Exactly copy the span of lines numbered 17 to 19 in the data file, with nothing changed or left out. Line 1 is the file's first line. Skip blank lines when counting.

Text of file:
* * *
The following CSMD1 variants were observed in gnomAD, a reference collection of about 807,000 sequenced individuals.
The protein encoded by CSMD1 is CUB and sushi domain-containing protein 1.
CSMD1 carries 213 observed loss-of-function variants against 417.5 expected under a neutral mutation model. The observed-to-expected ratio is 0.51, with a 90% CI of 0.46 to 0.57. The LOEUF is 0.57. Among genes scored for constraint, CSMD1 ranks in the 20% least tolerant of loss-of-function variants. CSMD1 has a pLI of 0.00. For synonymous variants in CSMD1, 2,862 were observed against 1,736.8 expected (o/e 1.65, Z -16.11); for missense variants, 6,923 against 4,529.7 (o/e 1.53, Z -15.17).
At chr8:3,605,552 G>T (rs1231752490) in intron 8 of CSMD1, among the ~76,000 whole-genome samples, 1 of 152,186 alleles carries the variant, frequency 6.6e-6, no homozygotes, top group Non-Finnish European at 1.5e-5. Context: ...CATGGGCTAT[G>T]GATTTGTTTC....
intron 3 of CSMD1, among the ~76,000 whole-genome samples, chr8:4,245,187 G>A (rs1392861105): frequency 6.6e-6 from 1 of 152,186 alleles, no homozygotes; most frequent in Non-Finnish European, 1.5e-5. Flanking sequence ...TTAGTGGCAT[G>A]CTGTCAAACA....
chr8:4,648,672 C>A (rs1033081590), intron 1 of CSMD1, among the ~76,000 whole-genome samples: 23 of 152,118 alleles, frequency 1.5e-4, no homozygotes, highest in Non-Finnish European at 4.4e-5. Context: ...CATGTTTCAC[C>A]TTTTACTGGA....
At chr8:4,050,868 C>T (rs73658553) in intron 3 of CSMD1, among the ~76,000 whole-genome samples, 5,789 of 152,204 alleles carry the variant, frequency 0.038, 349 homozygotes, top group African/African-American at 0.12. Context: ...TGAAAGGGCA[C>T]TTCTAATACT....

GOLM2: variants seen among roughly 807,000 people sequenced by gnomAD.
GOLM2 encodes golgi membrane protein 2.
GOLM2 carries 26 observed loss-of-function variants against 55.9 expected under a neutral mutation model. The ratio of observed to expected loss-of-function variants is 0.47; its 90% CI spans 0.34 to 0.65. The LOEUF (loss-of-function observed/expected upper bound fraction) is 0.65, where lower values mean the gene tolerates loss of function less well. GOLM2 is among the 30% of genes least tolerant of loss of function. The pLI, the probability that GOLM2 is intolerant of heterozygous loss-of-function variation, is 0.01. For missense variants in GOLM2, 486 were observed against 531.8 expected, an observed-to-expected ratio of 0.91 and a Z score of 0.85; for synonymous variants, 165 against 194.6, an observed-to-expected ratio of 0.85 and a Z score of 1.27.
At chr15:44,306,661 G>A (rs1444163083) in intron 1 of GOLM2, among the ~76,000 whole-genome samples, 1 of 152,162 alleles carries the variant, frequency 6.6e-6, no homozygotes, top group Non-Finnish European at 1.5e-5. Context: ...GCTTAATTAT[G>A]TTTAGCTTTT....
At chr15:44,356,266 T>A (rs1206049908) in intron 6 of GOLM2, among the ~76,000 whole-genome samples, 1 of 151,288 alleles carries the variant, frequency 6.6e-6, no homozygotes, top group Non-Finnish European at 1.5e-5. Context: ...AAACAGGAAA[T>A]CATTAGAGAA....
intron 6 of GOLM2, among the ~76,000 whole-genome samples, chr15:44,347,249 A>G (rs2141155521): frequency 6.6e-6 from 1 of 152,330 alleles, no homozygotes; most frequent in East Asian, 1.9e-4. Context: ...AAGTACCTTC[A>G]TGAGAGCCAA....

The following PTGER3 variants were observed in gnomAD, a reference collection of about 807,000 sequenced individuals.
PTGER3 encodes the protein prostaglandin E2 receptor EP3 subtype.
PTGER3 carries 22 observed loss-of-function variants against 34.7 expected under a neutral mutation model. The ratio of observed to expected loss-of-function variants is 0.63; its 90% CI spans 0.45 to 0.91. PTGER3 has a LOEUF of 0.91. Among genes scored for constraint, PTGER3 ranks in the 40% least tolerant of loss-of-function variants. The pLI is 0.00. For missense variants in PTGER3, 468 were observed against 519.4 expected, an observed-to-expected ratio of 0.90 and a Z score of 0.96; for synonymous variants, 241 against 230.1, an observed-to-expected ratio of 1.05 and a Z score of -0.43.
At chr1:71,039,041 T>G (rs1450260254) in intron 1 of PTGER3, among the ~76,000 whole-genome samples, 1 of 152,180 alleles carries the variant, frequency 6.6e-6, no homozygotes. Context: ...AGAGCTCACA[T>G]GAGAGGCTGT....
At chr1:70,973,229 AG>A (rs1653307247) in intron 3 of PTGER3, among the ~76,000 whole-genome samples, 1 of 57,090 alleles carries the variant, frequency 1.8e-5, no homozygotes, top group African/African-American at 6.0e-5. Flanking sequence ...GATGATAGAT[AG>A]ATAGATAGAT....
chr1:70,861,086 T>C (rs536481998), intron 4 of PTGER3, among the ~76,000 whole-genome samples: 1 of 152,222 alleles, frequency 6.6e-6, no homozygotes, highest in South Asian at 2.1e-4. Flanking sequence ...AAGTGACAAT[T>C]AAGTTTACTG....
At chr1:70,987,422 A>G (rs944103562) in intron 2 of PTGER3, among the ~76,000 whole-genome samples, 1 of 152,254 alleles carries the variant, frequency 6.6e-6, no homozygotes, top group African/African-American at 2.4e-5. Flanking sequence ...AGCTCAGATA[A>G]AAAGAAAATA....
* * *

At chr1:71,039,041 T>G (rs1450260254) in intron 1 of PTGER3, among the ~76,000 whole-genome samples, 1 of 152,180 alleles carries the variant, frequency 6.6e-6, no homozygotes. Context: ...AGAGCTCACA[T>G]GAGAGGCTGT....
At chr1:70,973,229 AG>A (rs1653307247) in intron 3 of PTGER3, among the ~76,000 whole-genome samples, 1 of 57,090 alleles carries the variant, frequency 1.8e-5, no homozygotes, top group African/African-American at 6.0e-5. Flanking sequence ...GATGATAGAT[AG>A]ATAGATAGAT....
chr1:70,861,086 T>C (rs536481998), intron 4 of PTGER3, among the ~76,000 whole-genome samples: 1 of 152,222 alleles, frequency 6.6e-6, no homozygotes, highest in South Asian at 2.1e-4. Flanking sequence ...AAGTGACAAT[T>C]AAGTTTACTG....